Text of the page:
Not long after the Cooks Hill Surf Lifesaving Club’s formation in 1911, around two thirds of its members were also volunteering with the First Australian Imperial Force. Nine members of the club died fighting for their country during the First World War and to honour them, the Cooks Hill community worked together to build a memorial that still stands to this day.
Though 100 years have passed since WWI, the sacrifice made by those men and women and the magnitude of the loss suffered has not diminished, but rather has left an indelible mark on the Australian psyche, one that proudly honours its Diggers every Anzac Day, every Remembrance Day and indeed every day, with monuments in almost every community. Those Diggers are remembered for what they helped to protect – our nation’s values of mateship, freedom and a fair go. This makes the recent episodes of vandalism of the Cooks Hill surf club’s war memorial both puzzling and extremely distressing. In the space of one week the memorial has been vandalised on two occasions, with different political messages. Free speech is what our nation prides itself on. It’s what we thank our troops for protecting. It’s why we have many avenues in our democracy to allow us to express our opinions. Desecrating the monuments built to honour those who protected this right is not only criminal, but utterly bizarre. And a sure-fire way for your apparently important message to be lost, drowned out by the chorus of anger at your senseless and stupid act.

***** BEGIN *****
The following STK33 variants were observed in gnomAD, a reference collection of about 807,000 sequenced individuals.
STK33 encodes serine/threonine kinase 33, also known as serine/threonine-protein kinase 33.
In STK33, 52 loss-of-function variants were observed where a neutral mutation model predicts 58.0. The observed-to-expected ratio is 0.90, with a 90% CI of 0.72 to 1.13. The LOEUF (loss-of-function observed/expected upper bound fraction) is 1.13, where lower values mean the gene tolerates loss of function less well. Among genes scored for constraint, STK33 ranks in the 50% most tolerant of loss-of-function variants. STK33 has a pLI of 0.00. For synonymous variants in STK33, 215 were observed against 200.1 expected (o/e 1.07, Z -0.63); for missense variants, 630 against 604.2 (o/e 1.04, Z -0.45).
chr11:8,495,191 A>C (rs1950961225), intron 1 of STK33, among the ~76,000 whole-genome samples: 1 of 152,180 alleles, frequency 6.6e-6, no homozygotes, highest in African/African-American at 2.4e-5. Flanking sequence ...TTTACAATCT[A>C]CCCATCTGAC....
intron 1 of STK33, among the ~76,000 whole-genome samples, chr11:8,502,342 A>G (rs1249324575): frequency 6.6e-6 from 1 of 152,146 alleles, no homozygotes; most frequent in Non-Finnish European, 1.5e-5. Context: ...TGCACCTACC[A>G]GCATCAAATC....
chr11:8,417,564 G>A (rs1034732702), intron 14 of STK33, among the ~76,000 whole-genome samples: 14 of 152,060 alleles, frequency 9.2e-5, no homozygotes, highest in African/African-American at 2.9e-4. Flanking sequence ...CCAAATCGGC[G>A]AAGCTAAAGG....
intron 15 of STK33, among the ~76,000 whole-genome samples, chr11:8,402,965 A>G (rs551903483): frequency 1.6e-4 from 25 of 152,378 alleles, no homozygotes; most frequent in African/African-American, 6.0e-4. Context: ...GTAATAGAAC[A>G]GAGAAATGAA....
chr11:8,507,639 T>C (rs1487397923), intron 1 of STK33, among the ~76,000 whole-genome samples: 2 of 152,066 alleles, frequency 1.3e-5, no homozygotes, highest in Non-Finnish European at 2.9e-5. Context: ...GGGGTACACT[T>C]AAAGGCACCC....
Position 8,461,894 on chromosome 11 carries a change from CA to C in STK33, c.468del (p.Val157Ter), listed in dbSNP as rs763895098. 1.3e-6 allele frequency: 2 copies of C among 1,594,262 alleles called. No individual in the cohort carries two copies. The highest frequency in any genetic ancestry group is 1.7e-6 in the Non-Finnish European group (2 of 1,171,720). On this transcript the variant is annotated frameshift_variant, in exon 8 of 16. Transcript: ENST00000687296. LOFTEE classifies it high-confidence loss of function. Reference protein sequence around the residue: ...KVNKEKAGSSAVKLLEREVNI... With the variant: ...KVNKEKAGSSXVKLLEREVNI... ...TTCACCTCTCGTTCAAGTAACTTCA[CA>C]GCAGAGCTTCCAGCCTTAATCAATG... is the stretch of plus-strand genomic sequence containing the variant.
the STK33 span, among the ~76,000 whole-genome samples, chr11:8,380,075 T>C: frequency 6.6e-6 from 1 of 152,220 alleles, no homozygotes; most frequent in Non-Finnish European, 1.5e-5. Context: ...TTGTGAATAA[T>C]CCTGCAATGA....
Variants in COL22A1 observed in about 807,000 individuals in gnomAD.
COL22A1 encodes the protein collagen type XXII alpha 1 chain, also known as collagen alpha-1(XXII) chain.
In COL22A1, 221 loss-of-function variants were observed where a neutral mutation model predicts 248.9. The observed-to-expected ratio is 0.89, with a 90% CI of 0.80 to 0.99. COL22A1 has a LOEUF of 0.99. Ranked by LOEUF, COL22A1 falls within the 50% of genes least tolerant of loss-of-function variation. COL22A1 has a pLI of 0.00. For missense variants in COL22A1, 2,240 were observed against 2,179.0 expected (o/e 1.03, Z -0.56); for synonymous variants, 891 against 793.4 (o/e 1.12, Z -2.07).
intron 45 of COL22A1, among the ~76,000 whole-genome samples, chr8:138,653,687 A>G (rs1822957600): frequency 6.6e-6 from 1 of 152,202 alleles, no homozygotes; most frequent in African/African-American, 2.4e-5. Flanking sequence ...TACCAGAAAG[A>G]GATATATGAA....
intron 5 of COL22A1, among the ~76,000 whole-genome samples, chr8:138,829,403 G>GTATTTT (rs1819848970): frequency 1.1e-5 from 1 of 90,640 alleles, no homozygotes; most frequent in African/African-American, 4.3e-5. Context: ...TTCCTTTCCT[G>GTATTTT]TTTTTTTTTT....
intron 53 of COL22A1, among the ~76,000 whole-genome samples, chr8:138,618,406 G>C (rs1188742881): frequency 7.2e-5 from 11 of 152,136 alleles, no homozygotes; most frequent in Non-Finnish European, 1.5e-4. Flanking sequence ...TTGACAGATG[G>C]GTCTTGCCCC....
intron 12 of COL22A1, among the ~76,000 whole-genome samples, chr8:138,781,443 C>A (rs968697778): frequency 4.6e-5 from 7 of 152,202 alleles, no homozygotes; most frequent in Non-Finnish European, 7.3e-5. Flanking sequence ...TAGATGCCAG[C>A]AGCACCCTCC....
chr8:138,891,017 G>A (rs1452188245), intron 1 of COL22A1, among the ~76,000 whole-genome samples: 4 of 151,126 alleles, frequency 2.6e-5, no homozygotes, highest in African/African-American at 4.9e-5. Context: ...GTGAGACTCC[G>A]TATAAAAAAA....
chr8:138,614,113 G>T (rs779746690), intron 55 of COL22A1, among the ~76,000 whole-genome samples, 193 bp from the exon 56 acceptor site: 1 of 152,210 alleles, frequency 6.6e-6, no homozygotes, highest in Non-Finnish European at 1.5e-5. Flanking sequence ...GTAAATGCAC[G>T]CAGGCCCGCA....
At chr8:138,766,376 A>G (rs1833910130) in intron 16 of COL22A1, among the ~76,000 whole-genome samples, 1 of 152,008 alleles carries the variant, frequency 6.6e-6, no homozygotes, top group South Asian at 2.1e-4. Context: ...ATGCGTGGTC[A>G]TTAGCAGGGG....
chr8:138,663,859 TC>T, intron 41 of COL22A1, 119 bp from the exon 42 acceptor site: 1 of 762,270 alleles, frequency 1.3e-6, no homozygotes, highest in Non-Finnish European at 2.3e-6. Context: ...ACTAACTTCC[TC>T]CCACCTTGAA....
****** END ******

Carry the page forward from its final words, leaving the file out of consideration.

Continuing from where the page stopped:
Cooks Hill Surf Lifesaving Club’s John Mayo said several families of those listed on the memorial were current club members. His message to the vandals is simple: They need to understand that the loss of these people is still mourned today.
“These men, who we didn’t know personally, are very much part of Cooks Hill SLSC lore and have been spoken of constantly over the past century as if they were still on the beach with us,” he said.
While it is a natural reaction to call for hefty penalties for those behind these attacks, it is with a bigger heart than many that Mr Mayo instead extends an invitation. “I speak on behalf of the surf club membership when I say rather than vandalise our memorial, come down and enjoy our beach and great club” he said. “We are inclusive as a club and you will be welcomed.”
It seems the values the Diggers fought and died for do indeed live on.